Animal experiments were performed in accordance with institutional guidelines for animal use in research. Hearts were excised from 10-week-old C57BL/6 male mice (Charles River) which had been killed by cervical dislocation. The SAN, AVN, atria (A) and ventricles (V) were carefully dissected as previously described (Mangoni & Nargeot, 2001; Lei et al. 2004) and flash-frozen in liquid nitrogen for further RNA isolation. In brief, whole hearts were washed by Langendorff perfusion for 5 min using oxygenated Tyrode solution. After removal of the ventricles, the right atrium and ventricular septum were placed in a Tyrode-perfused dissection chamber. Under the microscope, the right atrium was opened to expose the crista terminalis, the intercaval area and the interatrial septum. The preparation was pinned with the endocardial side exposed up. Figure 1 shows the final preparation. SAN and AVN regions were recognized by their anatomic landmarks. A thin strip of SAN tissue (approximately 1 × 0.8 mm), limited by crista terminalis, atrial septum and orifices of the venae cavae was cut from the right atrium, and a triangle-shaped piece of AVN tissue was cut from Koch's triangle. Total RNA from six pools of five mice each was isolated and DNase treated using the RNeasy Fibrous Tissue Mini or Micro Kit (Qiagen) by following the manufacturer's instructions. The quality of total RNA was assessed by microelectrophoresis on acrylamide gel (Agilent 2100 Bioanalyser, Agilent, Palo Alto, CA, USA) and by RT-PCR using interexonic primers for the cardiac α-actin gene (see Fig. 2). Lack of genomic DNA contamination was verified by PCR.
TaqMan real-time RT-PCR
TaqMan low-density arrays (Micro Fluidic Cards, Applied Biosystems, Foster City, CA, USA) were used in a two-step RT-PCR process. First strand cDNA was synthesized from 2 µg of total RNA using the High-Capacity cDNA Archive Kit (Applied Biosystems). PCR reactions were then carried out in Micro Fluidic Cards using the ABI PRISM 7900HT Sequence Detection System (Applied Biosystems). The 384 wells of each card were preloaded with 96 × 4 predesigned fluorogenic TaqMan probes and primers. The probes were labelled with the fluorescent reporter dye 6-carboxyfluorescein (FAM, Applera Corp., Norwalk, CT, USA) on the 5′ end, and with nonfluorescent quencher on the 3′ end. The genes selected for their cardiac expression encode 71 α- and β-ion channel subunits, ten proteins involved in calcium homeostasis, one ion channel expression regulator, six specific markers of cardiac regions, one marker for vascular vessels, one for neuronal tissue, one for fibroblasts, two inflammatory markers, and three reference genes used for normalization. The genes are listed in the online supplementary material. Two nanograms of cDNA combined with 1× TaqMan Universal Master Mix (Applied Biosystems) were loaded into each well. The Micro Fluidic Cards were thermal cycled at 50°C for 2 min and 94.5°C for 10 min, followed by 40 cycles at 97°C for 30 s, and 59.7°C for 1 min. Data were collected with instrument spectral compensations by the Applied Biosystems SDS 2.1 software, and analysed using the threshold cycle (Ct) relative quantification method (Livak & Schmittgen, 2001). The hypoxanthine guanine phosphoribosyl transferase (HPRT) reference gene was used for normalizing the data. Genes with Ct > 32 were eliminated for lack of reproducibility. The outliers were excluded using a robust statistical modified z-score method based on the median of absolute deviation (Iglewicz & Hoaglin, 1993; Barnett & Lewis, 1984). The nonexcluded values ( n= 4–6 for SAN, AVN, atria and ventricles) were averaged and then used for the 2−ΔCt× 100 calculation; 2−ΔCt corresponds to the ratio of each gene expression versus HPRT. It should be kept in mind that expression quantification for each transcript is relative since high-throughput TaqMan does not provide absolute quantification. However, it has been established that for a PCR efficiency of 100%, a Ct value of 30 corresponds approximately to 1000 copies of the transcript, and that this relation is linear between Ct values from 10 to 36 (Michael De Graaf, Applied Biosystems; personal communication).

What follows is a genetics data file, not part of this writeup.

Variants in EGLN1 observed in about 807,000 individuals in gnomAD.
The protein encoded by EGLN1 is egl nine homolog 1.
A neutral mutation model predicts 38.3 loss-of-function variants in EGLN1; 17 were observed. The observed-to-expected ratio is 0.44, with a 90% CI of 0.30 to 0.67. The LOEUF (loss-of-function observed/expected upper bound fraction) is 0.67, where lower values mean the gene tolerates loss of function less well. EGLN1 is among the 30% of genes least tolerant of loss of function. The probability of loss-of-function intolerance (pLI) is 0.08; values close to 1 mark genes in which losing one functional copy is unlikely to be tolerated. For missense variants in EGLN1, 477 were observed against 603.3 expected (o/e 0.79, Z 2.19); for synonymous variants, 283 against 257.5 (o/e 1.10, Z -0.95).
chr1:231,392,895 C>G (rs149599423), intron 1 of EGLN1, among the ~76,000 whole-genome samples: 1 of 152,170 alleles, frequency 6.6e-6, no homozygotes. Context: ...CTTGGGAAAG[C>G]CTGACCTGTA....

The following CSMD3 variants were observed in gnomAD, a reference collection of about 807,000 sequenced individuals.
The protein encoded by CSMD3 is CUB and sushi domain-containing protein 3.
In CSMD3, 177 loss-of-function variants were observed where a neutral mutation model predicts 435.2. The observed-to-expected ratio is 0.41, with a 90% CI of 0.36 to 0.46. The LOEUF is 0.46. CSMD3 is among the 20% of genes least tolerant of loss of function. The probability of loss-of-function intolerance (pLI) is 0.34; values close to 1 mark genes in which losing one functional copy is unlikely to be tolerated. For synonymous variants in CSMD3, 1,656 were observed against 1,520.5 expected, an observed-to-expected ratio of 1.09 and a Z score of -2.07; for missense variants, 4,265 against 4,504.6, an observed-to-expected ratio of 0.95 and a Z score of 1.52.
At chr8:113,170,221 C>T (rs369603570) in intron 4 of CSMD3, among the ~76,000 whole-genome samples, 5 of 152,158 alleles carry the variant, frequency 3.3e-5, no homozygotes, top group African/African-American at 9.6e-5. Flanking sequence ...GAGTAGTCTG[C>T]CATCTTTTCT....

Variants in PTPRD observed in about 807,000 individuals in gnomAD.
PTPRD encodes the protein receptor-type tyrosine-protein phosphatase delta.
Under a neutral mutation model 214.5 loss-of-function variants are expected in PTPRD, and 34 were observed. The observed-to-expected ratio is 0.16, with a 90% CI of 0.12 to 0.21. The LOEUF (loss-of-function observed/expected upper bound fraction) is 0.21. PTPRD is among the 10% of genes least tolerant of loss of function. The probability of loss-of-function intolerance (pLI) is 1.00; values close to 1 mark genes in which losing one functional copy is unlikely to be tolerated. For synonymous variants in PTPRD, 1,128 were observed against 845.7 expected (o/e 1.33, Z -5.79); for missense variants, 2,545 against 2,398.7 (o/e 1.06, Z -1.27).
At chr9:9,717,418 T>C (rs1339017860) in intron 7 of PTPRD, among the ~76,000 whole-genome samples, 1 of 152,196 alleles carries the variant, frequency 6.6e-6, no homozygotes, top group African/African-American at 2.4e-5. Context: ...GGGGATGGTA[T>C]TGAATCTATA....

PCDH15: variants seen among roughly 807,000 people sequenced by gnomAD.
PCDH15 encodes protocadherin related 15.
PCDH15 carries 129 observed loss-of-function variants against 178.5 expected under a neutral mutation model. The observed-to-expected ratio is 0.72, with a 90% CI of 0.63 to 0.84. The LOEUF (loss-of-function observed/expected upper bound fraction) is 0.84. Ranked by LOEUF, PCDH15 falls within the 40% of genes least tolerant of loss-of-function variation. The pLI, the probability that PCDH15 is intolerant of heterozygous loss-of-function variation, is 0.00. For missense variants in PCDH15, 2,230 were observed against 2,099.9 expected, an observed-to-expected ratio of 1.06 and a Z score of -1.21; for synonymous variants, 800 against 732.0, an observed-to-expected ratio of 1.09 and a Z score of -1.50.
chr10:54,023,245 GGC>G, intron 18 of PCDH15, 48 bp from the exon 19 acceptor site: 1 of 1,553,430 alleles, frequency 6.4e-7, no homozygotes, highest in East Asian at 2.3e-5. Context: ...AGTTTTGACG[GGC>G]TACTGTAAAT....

SYBER Green RT-PCR
Five distinct pools of tissue were used. Reverse transcription was performed with total RNA (70 ng) using random primers and Superscript II RNase H reverse transcriptase (Invitrogen). The expression of 22 α- and β-ion channel subunits, including the HCN channel family (TaqMan assay for HCN4 was not available), was quantified by real-time PCR (ABI Prism 7000, Applied Biosystems). Experiments were performed using 1× SYBR Green PCR Master Mix (Applied Biosystems) with 300 nm of each primer. Primers were designed with the Primer Express software (ABI). The cycling conditions included a hot start at 95°C for 10 min, followed by 40 cycles at 95°C for 15 s and 60°C for 1 min. All primer pairs were tested using mouse genomic DNA as the template. Those giving 90–100% efficacy were chosen. In all cases, a single amplicon of the appropriate melting temperature and size was detected using the dissociation curve and gel electrophoresis, respectively. Results were normalized to HPRT and expressed according to the 2−ΔCt method. Similar results were obtained with the beta-glucuronidase (Gus), which was used as a reference gene (data not shown). As negative controls, RNA samples incubated without reverse transcriptase during cDNA synthesis showed no amplification.